Another Year (Blu-ray Review)13 Jun, 2011 By: Mike Clark
Box Office $3.2 million
$38.96 Blu-ray/DVD combo
Rated ‘PG-13 for some language.
Stars Lesley Manville, Jim Broadbent, Ruth Sheen, Imelda Staunton.
During one of those intense arguments that seemed “age-old” until it peaked two months in, I developed a stock answer when voicing my two cents over whether Oscar-winning The King’s Speech or The Social Network was the best movie of 2010. In my view, the indisputably pleasing Speech wasn’t even the best British film of last year when judged against writer-director Mike Leigh’s latest — though, truth to tell, Another Year’s huzzahs were borderline tepid, at least in relationship to its merit. Though it got despite generally superior reviews (92% on Rotten Tomatoes), its only Oscar nomination came for original screenplay when, in recent years, it’s has almost been an oddity whenever a Leigh script hasn’t gotten a nomination.
Among its many grown-up virtues, Year offers testimony to the life advantage of finding the right soulmate — as dramatized by the perfectly synchronized relationship of married Londoners Tom and Gerri (which ends up being good for one, but just one, joke). Tom (Jim Broadbent) is a geographical engineer with a flair for shared yard work, while Gerri (fellow Leigh veteran Ruth Sheen) is a psychologist who deals with unhappy people as a daily diet. I have a married friend who also deals with the emotionally disturbed, and to an eerie degree, it’s uncanny how much her personality is like the Gerri character. Both women have significant antennae for personal foibles and never fail to miss the tiniest beat (note Gerri’s brief side glances to her husband here whenever she spots a warning sign). But they’re not in the least judgmental personalities until some kind of saturation point is reached.
Gerri’s toughest test case is co-worker Mary, played both intensely and unforgettably by another Leigh regular (Lesley Manville); if you want to see how deftly Leigh shuffles his deck, compare Manville here with her performance as Lucy Gilbert (married to Broadbent’s W.S.) in the filmmaker’s spectacular Gilbert and Sullivan biopic Topsy-Turvy. Veteran of both a bad marriage and a temporarily fulfilling love affair that ended badly, Mary always looks as if she has just rolled out of the sack – and not in the good way. The movie doesn’t make a huge deal out of her being an alcoholic, but she is. After one arduous commute to see her friends, Mary grabs an offered glass of white wine like a life rope handed to someone who has fallen into some rapids.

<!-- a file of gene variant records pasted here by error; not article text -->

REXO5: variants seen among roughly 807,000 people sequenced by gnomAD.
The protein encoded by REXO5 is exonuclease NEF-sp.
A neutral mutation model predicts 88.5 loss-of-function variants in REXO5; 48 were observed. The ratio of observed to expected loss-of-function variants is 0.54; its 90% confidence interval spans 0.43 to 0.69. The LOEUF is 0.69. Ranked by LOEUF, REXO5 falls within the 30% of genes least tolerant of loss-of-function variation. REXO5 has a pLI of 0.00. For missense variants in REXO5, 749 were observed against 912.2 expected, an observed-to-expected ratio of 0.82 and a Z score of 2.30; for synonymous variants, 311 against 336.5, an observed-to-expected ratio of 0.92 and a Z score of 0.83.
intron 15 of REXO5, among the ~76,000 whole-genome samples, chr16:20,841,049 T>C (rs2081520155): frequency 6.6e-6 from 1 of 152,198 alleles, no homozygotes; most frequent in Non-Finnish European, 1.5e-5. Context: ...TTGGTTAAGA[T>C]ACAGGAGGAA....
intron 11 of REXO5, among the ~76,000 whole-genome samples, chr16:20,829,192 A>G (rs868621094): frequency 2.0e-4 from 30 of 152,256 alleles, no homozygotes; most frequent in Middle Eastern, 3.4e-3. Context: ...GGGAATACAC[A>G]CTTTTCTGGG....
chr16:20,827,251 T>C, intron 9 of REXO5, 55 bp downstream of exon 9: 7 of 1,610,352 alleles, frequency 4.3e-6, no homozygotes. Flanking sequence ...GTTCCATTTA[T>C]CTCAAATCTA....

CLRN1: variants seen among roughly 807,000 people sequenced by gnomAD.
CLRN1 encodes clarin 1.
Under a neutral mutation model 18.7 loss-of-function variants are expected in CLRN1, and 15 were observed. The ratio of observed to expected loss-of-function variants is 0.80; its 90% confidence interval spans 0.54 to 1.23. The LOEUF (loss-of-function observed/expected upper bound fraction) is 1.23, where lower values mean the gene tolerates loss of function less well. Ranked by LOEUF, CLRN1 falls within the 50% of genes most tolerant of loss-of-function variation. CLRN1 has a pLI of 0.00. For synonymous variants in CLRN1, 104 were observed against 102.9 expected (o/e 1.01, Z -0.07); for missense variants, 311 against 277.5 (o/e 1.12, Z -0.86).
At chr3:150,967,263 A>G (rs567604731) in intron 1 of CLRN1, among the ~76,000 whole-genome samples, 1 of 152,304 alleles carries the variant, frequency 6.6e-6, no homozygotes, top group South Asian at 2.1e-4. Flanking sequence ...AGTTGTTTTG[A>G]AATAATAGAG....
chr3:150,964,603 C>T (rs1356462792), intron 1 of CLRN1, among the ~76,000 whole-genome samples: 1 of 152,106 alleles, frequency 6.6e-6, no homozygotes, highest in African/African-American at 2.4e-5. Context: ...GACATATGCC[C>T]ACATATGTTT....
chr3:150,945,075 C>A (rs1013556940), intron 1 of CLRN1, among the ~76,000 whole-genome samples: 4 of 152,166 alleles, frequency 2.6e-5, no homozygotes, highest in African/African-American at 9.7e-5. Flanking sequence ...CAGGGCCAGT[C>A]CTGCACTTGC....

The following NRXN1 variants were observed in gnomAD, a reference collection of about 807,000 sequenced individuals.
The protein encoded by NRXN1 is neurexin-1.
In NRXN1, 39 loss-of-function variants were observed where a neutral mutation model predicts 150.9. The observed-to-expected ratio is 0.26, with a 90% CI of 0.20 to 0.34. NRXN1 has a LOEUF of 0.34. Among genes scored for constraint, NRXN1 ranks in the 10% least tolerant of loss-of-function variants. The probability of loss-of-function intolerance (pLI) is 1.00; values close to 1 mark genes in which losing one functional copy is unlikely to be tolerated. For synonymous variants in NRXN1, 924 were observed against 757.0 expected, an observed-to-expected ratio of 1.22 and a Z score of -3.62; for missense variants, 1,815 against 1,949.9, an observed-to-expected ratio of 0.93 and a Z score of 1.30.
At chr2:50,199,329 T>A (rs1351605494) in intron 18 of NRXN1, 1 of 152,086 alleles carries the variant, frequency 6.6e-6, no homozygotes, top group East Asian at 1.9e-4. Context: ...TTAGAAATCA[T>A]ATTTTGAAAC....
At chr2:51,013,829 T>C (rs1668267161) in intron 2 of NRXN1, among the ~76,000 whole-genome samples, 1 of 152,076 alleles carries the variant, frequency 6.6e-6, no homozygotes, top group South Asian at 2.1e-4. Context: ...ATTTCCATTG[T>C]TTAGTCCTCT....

Though the National Board of Review and the London Critics Circle voted Manville 2010’s best actress, there was some debate whether role should have been in the lead or supporting category. There are fairly chunky stretches in which she doesn’t appear, yet Manville is a major force in each of the film’s four chapters (“spring,” “summer,” “autumn” and “winter”) — sometimes serving as their final exclamation points, Year’s resonant wrap-up included. In many ways, she’s the focal point of the story.
The “spring” section, appropriately, offers some promise, as if Mary’s purchase of a car really has a chance of licking the woes of a person for whom mere driving has always constituted a major life adventure. But by the time the weather starts to turn dreary again, she’s trying to sort out whether it is parts or labor that is guaranteed in an auto’s warranty. And in between, there’s her discomforting encounter with Ken (Peter Wight), another smoking/drinking friend of the host couple, though one who manages the physical fall-out with even less finesse. There’s also Mary’s rather queasy flirtation with Tom and Gerri’s 30-year-old son (Oliver Maltman), which suddenly seems less harmless when she begins to backbite the relentlessly upbeat and age-appropriate woman he’s begun to date (and seriously). The plasticity of Manville’s face is something to see: in half a beat, she can go from warmly approachable to withered and party-killing.
Without really jack-hammering the point, Year finally becomes at least a little about preserving at least a few square yards of marital/familial turf for one’s self. That is: we’ll invite you for grilled chicken, ply you with spirits and let you bend our ears with your problems — as long as you don’t smoke in our house or near a visiting newborn during out cookout. But don’t show up unannounced — or worse, unannounced just after a funeral — and make at least a tentative attempt to pull your own weight at least once in a while. Squirrelliness that amuses when we’re in our 20s has a way of not aging well — and befitting the title, this is to great extent a movie about aging.
To be sure, Year isn’t exactly the kind of production Blu-ray was designed to enhance for home audiences, but the format’s capabilities do add some punch to the searing quality of the actors’ faces. As usual, you won’t find a preponderance of idols here for your matinees, but whether it’s high-end Leigh or not (and this is high), you always know to expect solid characters with backstories, precise performances plucked from his stock company and a near-unique mix of improvisation and control. Leigh is 68 now, and I can’t think of anyone around who’ll quite be able to step into his shoes. Fortunately, he works fairly regularly and hasn’t lost a beat (certainly not here).